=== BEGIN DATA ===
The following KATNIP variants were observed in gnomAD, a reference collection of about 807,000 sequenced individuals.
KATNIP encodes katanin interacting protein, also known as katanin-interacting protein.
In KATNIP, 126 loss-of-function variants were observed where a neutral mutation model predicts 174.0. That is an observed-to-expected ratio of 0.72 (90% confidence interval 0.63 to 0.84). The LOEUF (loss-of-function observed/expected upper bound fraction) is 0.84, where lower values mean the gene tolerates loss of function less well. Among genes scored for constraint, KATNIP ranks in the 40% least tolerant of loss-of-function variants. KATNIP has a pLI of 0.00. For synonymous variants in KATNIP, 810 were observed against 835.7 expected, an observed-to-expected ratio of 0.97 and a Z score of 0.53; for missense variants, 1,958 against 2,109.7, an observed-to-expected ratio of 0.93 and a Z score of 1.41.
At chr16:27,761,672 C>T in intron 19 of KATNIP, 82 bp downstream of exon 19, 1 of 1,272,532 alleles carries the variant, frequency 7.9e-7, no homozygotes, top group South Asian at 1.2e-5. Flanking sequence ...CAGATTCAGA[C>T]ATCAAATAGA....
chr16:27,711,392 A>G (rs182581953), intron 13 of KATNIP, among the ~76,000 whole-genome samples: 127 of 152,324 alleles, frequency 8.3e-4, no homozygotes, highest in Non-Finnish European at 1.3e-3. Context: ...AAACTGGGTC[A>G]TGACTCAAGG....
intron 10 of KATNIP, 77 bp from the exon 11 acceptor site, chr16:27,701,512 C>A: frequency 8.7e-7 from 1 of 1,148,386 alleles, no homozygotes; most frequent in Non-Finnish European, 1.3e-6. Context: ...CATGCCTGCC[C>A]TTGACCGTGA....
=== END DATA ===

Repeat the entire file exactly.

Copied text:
The following KATNIP variants were observed in gnomAD, a reference collection of about 807,000 sequenced individuals.
KATNIP encodes katanin interacting protein, also known as katanin-interacting protein.
In KATNIP, 126 loss-of-function variants were observed where a neutral mutation model predicts 174.0. That is an observed-to-expected ratio of 0.72 (90% confidence interval 0.63 to 0.84). The LOEUF (loss-of-function observed/expected upper bound fraction) is 0.84, where lower values mean the gene tolerates loss of function less well. Among genes scored for constraint, KATNIP ranks in the 40% least tolerant of loss-of-function variants. KATNIP has a pLI of 0.00. For synonymous variants in KATNIP, 810 were observed against 835.7 expected, an observed-to-expected ratio of 0.97 and a Z score of 0.53; for missense variants, 1,958 against 2,109.7, an observed-to-expected ratio of 0.93 and a Z score of 1.41.
At chr16:27,761,672 C>T in intron 19 of KATNIP, 82 bp downstream of exon 19, 1 of 1,272,532 alleles carries the variant, frequency 7.9e-7, no homozygotes, top group South Asian at 1.2e-5. Flanking sequence ...CAGATTCAGA[C>T]ATCAAATAGA....
chr16:27,711,392 A>G (rs182581953), intron 13 of KATNIP, among the ~76,000 whole-genome samples: 127 of 152,324 alleles, frequency 8.3e-4, no homozygotes, highest in Non-Finnish European at 1.3e-3. Context: ...AAACTGGGTC[A>G]TGACTCAAGG....
intron 10 of KATNIP, 77 bp from the exon 11 acceptor site, chr16:27,701,512 C>A: frequency 8.7e-7 from 1 of 1,148,386 alleles, no homozygotes; most frequent in Non-Finnish European, 1.3e-6. Context: ...CATGCCTGCC[C>A]TTGACCGTGA....